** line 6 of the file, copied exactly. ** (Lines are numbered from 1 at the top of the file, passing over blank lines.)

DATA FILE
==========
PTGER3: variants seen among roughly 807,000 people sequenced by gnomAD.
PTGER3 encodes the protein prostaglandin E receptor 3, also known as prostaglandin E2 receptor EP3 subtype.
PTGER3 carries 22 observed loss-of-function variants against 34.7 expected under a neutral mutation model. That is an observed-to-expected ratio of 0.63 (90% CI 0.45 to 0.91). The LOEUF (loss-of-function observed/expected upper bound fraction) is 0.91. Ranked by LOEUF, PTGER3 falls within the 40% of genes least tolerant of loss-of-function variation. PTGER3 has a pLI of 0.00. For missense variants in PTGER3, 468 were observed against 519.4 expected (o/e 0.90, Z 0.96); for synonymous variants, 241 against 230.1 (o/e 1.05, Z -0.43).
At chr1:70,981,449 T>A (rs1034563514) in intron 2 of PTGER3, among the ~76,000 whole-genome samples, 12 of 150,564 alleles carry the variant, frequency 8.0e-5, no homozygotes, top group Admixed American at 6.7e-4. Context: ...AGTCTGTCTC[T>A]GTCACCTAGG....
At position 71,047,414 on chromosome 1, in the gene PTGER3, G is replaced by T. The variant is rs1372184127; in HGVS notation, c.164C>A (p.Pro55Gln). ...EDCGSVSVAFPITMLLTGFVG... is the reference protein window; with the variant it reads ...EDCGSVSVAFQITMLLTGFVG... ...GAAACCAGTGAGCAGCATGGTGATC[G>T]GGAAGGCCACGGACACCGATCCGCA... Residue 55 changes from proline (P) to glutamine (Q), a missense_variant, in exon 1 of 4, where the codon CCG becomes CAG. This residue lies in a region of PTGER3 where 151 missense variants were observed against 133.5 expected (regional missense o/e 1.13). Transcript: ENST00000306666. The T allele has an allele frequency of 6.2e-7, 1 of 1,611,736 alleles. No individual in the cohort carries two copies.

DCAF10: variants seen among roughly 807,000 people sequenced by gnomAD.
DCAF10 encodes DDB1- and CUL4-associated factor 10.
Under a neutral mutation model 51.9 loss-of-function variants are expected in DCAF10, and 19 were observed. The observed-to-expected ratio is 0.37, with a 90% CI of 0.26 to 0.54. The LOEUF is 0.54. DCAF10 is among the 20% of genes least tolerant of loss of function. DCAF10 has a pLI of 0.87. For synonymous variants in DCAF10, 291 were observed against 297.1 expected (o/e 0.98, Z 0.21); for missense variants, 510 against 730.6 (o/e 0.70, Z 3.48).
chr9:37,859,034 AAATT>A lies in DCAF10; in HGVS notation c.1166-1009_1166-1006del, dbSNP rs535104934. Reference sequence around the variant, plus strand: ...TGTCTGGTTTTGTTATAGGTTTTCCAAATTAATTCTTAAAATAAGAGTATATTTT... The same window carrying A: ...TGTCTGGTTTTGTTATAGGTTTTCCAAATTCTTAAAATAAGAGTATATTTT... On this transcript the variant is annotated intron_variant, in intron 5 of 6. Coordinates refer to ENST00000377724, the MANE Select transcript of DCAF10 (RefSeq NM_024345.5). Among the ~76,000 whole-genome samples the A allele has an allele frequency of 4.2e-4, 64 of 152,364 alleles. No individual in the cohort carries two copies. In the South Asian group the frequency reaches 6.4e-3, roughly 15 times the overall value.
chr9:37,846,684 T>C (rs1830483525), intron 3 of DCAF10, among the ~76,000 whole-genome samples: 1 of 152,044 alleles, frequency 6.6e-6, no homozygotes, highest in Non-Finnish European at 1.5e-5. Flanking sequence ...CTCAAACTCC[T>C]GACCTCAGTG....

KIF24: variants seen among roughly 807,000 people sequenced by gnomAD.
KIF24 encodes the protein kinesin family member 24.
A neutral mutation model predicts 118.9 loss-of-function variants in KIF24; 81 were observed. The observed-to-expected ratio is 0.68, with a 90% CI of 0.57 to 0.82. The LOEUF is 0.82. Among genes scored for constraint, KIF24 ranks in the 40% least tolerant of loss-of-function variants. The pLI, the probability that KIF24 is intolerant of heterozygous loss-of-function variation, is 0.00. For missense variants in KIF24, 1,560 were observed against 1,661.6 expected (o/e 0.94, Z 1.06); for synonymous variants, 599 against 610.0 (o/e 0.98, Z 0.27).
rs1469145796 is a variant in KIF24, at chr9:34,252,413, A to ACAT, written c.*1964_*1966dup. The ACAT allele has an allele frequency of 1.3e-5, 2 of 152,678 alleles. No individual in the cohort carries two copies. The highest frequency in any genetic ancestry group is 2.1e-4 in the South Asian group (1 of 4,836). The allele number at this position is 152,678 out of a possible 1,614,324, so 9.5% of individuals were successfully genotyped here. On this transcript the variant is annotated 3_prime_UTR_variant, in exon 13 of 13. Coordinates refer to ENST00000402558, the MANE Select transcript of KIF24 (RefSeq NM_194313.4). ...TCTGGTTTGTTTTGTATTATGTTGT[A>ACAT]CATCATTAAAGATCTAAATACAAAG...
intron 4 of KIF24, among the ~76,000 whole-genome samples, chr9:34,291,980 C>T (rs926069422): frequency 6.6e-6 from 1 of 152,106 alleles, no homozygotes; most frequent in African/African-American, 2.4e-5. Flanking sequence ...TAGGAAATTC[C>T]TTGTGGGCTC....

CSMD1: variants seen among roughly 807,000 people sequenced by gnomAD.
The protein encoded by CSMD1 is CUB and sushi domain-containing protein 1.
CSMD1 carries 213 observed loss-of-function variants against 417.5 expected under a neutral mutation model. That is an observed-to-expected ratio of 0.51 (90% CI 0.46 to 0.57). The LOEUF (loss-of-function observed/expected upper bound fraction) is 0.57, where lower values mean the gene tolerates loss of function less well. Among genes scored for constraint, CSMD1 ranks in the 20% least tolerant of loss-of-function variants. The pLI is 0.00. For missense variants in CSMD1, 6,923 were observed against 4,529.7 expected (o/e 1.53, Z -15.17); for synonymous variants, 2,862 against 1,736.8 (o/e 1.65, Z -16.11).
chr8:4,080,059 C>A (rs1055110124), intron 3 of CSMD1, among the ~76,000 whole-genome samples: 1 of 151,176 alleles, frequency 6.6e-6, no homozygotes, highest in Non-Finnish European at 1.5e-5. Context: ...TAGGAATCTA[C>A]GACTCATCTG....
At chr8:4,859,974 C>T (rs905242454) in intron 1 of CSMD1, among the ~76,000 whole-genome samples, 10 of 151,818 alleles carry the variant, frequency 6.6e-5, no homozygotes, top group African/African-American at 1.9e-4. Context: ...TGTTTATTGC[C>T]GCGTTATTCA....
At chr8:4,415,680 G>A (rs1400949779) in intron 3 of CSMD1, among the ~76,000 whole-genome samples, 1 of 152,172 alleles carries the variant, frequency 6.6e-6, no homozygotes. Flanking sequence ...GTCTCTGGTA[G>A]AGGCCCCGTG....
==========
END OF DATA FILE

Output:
DCAF10: variants seen among roughly 807,000 people sequenced by gnomAD.